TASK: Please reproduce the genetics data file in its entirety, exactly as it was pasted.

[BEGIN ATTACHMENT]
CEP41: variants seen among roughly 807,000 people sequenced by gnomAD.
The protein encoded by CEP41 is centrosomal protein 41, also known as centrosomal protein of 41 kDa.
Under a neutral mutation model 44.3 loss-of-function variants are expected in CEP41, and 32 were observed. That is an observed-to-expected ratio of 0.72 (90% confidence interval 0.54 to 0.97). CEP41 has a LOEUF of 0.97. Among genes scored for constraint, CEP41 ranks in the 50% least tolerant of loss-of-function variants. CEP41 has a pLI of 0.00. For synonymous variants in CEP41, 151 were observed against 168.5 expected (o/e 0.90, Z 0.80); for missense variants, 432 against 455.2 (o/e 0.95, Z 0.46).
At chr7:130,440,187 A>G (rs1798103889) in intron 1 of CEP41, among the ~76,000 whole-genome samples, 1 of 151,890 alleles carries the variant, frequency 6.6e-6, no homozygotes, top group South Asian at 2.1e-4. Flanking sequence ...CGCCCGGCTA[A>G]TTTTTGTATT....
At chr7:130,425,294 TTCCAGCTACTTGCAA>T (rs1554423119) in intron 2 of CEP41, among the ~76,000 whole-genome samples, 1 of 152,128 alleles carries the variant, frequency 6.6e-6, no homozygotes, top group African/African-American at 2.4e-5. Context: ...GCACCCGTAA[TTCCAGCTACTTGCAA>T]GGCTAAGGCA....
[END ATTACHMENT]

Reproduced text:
CEP41: variants seen among roughly 807,000 people sequenced by gnomAD.
The protein encoded by CEP41 is centrosomal protein 41, also known as centrosomal protein of 41 kDa.
Under a neutral mutation model 44.3 loss-of-function variants are expected in CEP41, and 32 were observed. That is an observed-to-expected ratio of 0.72 (90% confidence interval 0.54 to 0.97). CEP41 has a LOEUF of 0.97. Among genes scored for constraint, CEP41 ranks in the 50% least tolerant of loss-of-function variants. CEP41 has a pLI of 0.00. For synonymous variants in CEP41, 151 were observed against 168.5 expected (o/e 0.90, Z 0.80); for missense variants, 432 against 455.2 (o/e 0.95, Z 0.46).
At chr7:130,440,187 A>G (rs1798103889) in intron 1 of CEP41, among the ~76,000 whole-genome samples, 1 of 151,890 alleles carries the variant, frequency 6.6e-6, no homozygotes, top group South Asian at 2.1e-4. Flanking sequence ...CGCCCGGCTA[A>G]TTTTTGTATT....
At chr7:130,425,294 TTCCAGCTACTTGCAA>T (rs1554423119) in intron 2 of CEP41, among the ~76,000 whole-genome samples, 1 of 152,128 alleles carries the variant, frequency 6.6e-6, no homozygotes, top group African/African-American at 2.4e-5. Context: ...GCACCCGTAA[TTCCAGCTACTTGCAA>T]GGCTAAGGCA....